It would take less than a minute for her body to hit the ground below once it fell from the top of the cliff. In the darkness, it was unlikely that anyone would have seen him dump her. He’d be back at home before she’d be discovered, and there’d be more than enough time to perfect his alibi. Duncan smiled to himself, and made his way down the steps from the clifftop. He’d yet to decide whether to get rid of Emma’s clothing and possessions to make it seem as if she’d left him, or leave everything in the house to give the impression that something untoward had occurred.
He doubted anyone would really miss her. Early on in their relationship he’d groomed her to cut off all contact with her family and friends.
‘I’m the only one you need, Emma,’ he’d said. ‘I’m the only person in the world who cares about you.’
She’d fallen for it hook, line, and sinker, and stripped herself of all the other relationships she had with people. It had been difficult at first because inevitably, people continued to call or drop round or email, enquiring after her. But he’d put a stop to all that by moving her so far away from everyone she knew that she was forced to rely entirely on him. And now, no one would miss her. Not anymore.
* * * * *
‘I can’t believe you . . . I don’t even know who you are anymore.’
Caroline rolled away from Alex, pulling her share of the comforter with her.
‘What?’ Alex asked unaware that with every word she was losing Caroline’s trust.
‘We’ve been together seven and a half years, and you never thought to mention the single most important or defining moment in your sister’s life? Do you just assume that everybody you meet knows everything about you? Or are you emotionally obtuse?’
‘I’m not entirely sure how one brings up that one’s older sister almost lost her life to a violent beating dished out by her aggressive ex-husband. Or that one’s sister’s aforementioned ex-husband then spends the better part of the last ten years in prison for that beating and almost killing a police officer who came to the sister’s rescue?’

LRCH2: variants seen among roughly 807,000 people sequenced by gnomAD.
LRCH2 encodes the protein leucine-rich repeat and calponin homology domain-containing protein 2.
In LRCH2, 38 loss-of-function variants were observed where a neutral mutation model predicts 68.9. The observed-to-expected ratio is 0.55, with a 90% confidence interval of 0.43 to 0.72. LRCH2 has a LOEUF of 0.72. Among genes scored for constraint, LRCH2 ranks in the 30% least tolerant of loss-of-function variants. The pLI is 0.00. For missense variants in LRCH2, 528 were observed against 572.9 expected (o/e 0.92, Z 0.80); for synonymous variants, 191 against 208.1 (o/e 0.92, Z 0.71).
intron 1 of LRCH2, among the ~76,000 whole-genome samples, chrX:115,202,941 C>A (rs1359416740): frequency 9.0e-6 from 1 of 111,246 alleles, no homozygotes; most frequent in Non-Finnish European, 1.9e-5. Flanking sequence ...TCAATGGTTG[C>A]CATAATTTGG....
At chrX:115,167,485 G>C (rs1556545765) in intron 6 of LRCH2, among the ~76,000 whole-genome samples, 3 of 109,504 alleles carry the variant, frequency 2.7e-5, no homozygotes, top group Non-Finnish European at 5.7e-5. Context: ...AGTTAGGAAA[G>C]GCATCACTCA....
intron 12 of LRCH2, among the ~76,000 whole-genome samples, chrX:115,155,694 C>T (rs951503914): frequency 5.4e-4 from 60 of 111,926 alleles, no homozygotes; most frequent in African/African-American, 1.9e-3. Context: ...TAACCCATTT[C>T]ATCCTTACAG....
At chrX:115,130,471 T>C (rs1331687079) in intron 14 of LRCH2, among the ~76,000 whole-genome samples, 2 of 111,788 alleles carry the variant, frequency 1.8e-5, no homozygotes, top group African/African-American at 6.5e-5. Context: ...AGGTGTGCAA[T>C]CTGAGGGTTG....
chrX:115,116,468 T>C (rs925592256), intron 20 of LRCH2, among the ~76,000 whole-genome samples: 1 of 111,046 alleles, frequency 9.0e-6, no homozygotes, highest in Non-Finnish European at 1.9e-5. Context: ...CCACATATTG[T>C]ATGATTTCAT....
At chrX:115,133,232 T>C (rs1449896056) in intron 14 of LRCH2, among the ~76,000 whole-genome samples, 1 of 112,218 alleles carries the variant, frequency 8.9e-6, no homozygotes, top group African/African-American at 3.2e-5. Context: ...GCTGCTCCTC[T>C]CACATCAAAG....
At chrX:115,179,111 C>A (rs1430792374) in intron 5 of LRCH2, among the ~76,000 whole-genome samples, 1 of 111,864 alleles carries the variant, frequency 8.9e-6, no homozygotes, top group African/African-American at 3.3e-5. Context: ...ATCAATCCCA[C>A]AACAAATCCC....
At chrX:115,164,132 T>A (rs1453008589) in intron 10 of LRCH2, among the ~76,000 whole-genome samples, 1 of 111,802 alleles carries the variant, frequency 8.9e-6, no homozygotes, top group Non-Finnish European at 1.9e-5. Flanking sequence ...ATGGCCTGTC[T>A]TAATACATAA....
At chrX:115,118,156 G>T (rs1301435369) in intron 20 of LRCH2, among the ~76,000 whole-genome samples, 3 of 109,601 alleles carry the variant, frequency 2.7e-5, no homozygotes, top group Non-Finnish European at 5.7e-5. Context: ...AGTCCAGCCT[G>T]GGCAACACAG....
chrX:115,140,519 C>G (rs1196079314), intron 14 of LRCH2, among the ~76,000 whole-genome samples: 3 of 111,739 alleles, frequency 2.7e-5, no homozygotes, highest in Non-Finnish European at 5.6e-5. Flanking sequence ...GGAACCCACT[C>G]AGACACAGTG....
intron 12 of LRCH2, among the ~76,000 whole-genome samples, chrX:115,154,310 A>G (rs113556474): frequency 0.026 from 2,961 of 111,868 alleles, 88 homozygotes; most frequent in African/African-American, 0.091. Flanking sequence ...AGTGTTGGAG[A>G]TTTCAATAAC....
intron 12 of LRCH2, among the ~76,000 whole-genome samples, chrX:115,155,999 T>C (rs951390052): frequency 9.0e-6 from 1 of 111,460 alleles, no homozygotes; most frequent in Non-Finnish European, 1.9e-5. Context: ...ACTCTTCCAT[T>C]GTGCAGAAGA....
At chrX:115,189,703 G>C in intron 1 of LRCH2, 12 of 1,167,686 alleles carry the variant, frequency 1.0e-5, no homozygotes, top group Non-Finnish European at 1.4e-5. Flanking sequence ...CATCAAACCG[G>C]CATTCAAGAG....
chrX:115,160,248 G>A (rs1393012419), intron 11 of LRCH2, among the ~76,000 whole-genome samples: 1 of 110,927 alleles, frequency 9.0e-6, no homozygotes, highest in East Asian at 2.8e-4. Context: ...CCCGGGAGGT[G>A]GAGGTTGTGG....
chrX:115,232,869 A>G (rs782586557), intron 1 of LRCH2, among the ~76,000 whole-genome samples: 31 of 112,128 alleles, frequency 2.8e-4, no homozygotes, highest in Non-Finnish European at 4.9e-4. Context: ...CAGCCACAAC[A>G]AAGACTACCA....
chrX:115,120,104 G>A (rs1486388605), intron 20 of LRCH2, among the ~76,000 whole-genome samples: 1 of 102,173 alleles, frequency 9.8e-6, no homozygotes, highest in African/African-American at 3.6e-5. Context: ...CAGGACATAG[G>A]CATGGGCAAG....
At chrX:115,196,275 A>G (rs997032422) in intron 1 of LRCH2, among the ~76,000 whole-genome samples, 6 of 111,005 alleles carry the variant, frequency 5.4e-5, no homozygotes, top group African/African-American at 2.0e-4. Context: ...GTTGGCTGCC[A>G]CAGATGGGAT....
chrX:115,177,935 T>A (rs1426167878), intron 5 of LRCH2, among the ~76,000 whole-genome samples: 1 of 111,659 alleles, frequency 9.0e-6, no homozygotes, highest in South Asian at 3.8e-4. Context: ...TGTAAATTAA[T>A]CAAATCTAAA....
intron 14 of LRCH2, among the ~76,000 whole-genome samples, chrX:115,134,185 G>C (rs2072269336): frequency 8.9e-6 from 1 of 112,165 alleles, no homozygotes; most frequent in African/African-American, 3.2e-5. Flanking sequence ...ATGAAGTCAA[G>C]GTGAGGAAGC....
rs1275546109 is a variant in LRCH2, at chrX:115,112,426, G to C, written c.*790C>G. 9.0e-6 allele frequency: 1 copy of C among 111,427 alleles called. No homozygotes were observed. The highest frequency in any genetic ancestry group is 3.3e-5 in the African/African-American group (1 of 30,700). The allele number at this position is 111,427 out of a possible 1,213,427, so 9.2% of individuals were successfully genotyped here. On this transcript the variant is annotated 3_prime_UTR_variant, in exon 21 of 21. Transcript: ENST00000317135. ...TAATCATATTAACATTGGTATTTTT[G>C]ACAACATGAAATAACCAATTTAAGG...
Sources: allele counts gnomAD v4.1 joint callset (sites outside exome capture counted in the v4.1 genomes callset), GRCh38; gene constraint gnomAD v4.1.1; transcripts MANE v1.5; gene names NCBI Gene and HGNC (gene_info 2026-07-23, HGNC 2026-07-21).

Caroline, further angered by Alex’s longwinded and confusing explanation snapped. ‘You can’t even explain what happened in simple fucking terms. How did you ever qualify as a barrister when your explanations are so full of shit?’
‘Wow, nice to know what you really think of me.’ Alex turned her back on Caroline, switched off the bedside lamp, and laid awake in the dark.
Not one to allow ill-will to linger, Caroline immediately regretted saying anything.
‘I’m sorry,’ she muttered, her hand searching behind her back for Alex. When she found Alex’s hand, Caroline felt her pull away, recoiling from Caroline’s touch. ‘I didn’t mean it.’
‘Of course you did,’ Alex replied. ‘I’ve never known you not to mean what you say. It’s one of the things that makes you such a formidable barrister.’
Caroline rolled back to face Alex. She traced her hand along the length of her partner’s body, from thigh to shoulder, but received no reaction from Alex.
‘Alex? What’s happening with us?’ There was nothing but silence from Alex’s side of the bed. Caroline sighed, closed her eyes, and hoped that everything would return to normal in the morning.
‘We’re becoming an Adele song,’ Alex whispered. ‘Just not sure which one yet.’
. . . To be continued . . .